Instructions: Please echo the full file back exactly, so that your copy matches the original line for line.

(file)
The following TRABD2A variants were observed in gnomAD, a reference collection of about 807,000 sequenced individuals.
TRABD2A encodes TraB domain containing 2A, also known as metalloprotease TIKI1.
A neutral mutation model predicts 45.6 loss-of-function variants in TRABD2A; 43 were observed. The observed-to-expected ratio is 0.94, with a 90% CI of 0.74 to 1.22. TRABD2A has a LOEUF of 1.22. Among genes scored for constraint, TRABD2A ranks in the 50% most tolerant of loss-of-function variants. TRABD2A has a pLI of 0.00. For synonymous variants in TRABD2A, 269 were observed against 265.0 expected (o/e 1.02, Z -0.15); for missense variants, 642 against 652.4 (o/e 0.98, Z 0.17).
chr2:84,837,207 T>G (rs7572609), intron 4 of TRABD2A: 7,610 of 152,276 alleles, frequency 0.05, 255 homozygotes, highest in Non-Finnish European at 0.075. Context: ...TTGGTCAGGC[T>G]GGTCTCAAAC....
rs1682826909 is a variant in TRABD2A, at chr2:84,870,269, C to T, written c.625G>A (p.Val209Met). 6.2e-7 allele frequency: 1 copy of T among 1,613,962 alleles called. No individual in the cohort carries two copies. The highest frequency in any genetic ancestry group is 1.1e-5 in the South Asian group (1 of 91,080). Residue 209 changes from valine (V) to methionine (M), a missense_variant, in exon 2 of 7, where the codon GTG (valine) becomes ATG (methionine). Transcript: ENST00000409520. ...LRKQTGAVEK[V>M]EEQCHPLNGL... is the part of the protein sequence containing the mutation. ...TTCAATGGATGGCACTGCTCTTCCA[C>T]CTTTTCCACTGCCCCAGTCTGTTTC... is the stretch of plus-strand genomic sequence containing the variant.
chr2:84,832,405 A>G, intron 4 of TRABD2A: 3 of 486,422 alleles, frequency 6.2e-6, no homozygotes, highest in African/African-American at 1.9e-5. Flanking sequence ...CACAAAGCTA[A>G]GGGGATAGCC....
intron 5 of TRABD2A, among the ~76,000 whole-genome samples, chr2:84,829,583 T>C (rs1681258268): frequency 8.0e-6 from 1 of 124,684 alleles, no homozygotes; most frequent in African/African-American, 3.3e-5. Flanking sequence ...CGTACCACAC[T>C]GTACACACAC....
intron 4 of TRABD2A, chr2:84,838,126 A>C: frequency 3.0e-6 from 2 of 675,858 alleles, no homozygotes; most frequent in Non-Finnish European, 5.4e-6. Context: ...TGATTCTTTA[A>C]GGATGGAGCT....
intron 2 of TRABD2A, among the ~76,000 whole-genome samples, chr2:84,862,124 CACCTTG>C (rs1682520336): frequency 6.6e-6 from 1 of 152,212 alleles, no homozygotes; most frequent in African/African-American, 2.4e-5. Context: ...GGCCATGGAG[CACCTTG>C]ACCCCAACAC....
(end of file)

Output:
The following TRABD2A variants were observed in gnomAD, a reference collection of about 807,000 sequenced individuals.
TRABD2A encodes TraB domain containing 2A, also known as metalloprotease TIKI1.
A neutral mutation model predicts 45.6 loss-of-function variants in TRABD2A; 43 were observed. The observed-to-expected ratio is 0.94, with a 90% CI of 0.74 to 1.22. TRABD2A has a LOEUF of 1.22. Among genes scored for constraint, TRABD2A ranks in the 50% most tolerant of loss-of-function variants. TRABD2A has a pLI of 0.00. For synonymous variants in TRABD2A, 269 were observed against 265.0 expected (o/e 1.02, Z -0.15); for missense variants, 642 against 652.4 (o/e 0.98, Z 0.17).
chr2:84,837,207 T>G (rs7572609), intron 4 of TRABD2A: 7,610 of 152,276 alleles, frequency 0.05, 255 homozygotes, highest in Non-Finnish European at 0.075. Context: ...TTGGTCAGGC[T>G]GGTCTCAAAC....
rs1682826909 is a variant in TRABD2A, at chr2:84,870,269, C to T, written c.625G>A (p.Val209Met). 6.2e-7 allele frequency: 1 copy of T among 1,613,962 alleles called. No individual in the cohort carries two copies. The highest frequency in any genetic ancestry group is 1.1e-5 in the South Asian group (1 of 91,080). Residue 209 changes from valine (V) to methionine (M), a missense_variant, in exon 2 of 7, where the codon GTG (valine) becomes ATG (methionine). Transcript: ENST00000409520. ...LRKQTGAVEK[V>M]EEQCHPLNGL... is the part of the protein sequence containing the mutation. ...TTCAATGGATGGCACTGCTCTTCCA[C>T]CTTTTCCACTGCCCCAGTCTGTTTC... is the stretch of plus-strand genomic sequence containing the variant.
chr2:84,832,405 A>G, intron 4 of TRABD2A: 3 of 486,422 alleles, frequency 6.2e-6, no homozygotes, highest in African/African-American at 1.9e-5. Flanking sequence ...CACAAAGCTA[A>G]GGGGATAGCC....
intron 5 of TRABD2A, among the ~76,000 whole-genome samples, chr2:84,829,583 T>C (rs1681258268): frequency 8.0e-6 from 1 of 124,684 alleles, no homozygotes; most frequent in African/African-American, 3.3e-5. Flanking sequence ...CGTACCACAC[T>C]GTACACACAC....
intron 4 of TRABD2A, chr2:84,838,126 A>C: frequency 3.0e-6 from 2 of 675,858 alleles, no homozygotes; most frequent in Non-Finnish European, 5.4e-6. Context: ...TGATTCTTTA[A>C]GGATGGAGCT....
intron 2 of TRABD2A, among the ~76,000 whole-genome samples, chr2:84,862,124 CACCTTG>C (rs1682520336): frequency 6.6e-6 from 1 of 152,212 alleles, no homozygotes; most frequent in African/African-American, 2.4e-5. Context: ...GGCCATGGAG[CACCTTG>C]ACCCCAACAC....